New Law Protects Identity Victims
Assemblywoman Audrey I. Pheffer announced that the legislation to further protect Identity Theft victims, which she introduced, has been signed into law by Governor David Paterson.
The new statute requires debt collectors to temporarily stop attempts to collect a debt upon notification by the consumer that the debt arose from identity theft. This bill would require a debt collector to stop collecting a consumer debt if an alleged debtor provides the collector with a copy of a valid police report alleging he or she is a victim of identity theft crime and a written statement that the debtor claims to be the victim of identity theft with respect to the specific debt being collected by the debt collector. Any alleged debtor submitting information as part of this procedure that he or she knows to be false would be guilty of a misdemeanor.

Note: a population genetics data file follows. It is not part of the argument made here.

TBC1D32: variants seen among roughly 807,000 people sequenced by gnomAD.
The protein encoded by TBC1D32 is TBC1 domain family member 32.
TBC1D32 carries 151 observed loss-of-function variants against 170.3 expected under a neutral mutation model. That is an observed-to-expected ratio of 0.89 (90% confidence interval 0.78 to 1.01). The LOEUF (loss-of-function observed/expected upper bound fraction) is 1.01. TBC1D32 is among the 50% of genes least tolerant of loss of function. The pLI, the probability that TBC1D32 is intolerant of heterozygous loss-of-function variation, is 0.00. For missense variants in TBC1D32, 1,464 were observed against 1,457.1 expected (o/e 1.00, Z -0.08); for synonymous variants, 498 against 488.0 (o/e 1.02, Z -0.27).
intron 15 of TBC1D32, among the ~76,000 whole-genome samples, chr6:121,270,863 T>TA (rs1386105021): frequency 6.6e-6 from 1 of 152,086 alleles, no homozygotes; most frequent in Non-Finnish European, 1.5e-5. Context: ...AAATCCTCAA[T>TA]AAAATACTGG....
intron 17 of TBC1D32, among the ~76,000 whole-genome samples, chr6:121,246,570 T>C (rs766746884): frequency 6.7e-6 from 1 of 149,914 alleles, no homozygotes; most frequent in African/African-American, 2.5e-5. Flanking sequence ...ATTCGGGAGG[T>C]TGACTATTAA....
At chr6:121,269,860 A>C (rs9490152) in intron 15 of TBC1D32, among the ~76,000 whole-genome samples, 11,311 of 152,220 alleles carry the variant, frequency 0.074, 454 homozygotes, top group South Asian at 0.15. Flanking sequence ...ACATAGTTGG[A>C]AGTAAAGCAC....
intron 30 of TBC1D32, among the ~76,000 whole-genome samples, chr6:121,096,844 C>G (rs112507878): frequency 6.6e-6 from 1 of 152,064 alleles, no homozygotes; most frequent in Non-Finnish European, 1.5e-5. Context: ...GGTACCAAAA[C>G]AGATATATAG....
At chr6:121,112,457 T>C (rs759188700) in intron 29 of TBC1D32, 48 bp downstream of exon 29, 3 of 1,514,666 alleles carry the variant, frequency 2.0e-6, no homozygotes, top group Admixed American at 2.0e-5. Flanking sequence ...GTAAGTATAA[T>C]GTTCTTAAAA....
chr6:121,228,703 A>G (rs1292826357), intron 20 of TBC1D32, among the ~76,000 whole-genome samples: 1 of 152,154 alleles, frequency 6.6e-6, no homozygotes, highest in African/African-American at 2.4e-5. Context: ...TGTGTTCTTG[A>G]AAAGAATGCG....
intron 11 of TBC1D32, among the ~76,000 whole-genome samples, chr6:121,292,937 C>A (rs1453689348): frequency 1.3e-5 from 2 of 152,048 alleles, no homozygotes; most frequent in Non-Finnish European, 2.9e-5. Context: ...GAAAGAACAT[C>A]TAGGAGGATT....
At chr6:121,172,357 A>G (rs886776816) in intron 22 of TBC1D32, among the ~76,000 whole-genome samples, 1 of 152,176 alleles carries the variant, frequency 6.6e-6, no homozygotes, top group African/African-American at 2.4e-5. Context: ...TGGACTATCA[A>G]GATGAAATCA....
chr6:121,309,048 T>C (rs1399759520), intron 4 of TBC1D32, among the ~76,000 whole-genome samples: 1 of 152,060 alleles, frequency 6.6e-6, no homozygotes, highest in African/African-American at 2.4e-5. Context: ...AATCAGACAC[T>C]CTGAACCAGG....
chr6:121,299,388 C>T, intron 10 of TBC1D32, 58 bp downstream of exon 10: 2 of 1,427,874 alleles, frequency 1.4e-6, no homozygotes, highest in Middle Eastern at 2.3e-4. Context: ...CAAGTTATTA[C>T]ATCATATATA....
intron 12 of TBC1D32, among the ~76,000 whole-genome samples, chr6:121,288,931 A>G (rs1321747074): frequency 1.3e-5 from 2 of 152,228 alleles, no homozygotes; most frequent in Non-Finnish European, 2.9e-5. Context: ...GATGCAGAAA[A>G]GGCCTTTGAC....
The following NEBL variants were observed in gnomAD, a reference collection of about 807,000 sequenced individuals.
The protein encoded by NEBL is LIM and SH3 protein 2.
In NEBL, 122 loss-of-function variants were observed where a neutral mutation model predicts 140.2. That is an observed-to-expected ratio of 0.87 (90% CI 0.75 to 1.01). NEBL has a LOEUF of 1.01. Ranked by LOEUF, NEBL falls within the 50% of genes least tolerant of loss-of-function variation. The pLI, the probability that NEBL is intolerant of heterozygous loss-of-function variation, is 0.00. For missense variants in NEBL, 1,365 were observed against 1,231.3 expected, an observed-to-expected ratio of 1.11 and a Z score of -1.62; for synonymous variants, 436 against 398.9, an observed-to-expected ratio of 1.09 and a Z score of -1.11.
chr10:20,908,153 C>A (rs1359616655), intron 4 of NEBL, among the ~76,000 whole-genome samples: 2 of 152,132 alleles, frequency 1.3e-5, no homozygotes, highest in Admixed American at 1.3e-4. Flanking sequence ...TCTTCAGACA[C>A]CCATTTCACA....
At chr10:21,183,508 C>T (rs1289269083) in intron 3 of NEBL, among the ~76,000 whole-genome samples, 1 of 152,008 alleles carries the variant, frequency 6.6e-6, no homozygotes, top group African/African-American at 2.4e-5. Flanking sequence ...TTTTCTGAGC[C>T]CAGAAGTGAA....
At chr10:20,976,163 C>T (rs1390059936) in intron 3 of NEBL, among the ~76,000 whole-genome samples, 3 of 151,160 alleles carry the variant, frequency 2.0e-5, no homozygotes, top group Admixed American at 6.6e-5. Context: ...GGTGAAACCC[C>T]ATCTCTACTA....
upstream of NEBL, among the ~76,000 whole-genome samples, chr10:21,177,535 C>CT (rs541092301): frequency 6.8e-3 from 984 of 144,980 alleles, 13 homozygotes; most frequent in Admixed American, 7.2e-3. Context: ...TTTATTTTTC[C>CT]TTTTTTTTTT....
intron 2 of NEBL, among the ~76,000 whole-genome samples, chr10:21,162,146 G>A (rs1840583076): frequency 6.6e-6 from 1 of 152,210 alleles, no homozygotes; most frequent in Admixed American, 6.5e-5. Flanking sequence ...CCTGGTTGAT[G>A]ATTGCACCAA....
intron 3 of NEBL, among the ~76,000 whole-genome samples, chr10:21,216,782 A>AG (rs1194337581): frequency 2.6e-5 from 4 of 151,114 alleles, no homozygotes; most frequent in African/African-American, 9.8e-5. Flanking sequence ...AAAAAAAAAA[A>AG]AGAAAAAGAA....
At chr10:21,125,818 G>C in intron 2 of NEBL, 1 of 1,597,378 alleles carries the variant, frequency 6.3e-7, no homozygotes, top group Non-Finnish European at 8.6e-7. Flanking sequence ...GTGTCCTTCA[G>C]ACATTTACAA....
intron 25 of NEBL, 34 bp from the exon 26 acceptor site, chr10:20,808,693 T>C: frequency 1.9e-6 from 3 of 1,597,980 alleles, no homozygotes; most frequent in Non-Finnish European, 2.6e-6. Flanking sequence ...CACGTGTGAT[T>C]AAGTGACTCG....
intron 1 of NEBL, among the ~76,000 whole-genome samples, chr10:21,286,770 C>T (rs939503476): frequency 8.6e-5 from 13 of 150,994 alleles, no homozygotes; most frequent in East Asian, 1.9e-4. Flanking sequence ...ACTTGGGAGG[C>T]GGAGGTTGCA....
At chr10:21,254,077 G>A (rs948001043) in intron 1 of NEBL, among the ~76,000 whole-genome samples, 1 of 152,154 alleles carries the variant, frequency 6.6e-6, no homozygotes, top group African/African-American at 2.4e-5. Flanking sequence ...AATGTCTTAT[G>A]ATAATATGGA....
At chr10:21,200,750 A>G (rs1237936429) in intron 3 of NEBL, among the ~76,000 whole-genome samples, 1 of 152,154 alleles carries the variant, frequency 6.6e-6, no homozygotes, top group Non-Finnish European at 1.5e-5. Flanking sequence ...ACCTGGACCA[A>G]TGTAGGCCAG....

"As Chair of the Assembly Consumer Affairs and Protection Committee, the issue of identity theft has been a major component of my agenda to protect New Yorkers. This new legislation provides important protections for victims of identity theft," said Pheffer.
"With the most recent case of over 41 million stolen credit card numbers, it is vital that we continue our efforts in not only enhancing protections against and penalties for identity theft, but that we also provide further protections once a consumer has become a victim."
The federal Fair Debt Collection Practices Act provides that an alleged debtor may dispute a debt, and that following a dispute the debt collector must cease collection activity until it verifies the debt. This bill would improve upon federal law by providing identity theft victims and debt collectors with a clear and understandable process for a consumer who is an alleged debtor to provide information with respect to an identity theft claim and for the debt collection process to be stopped until an investigation can be completed by the debt collector.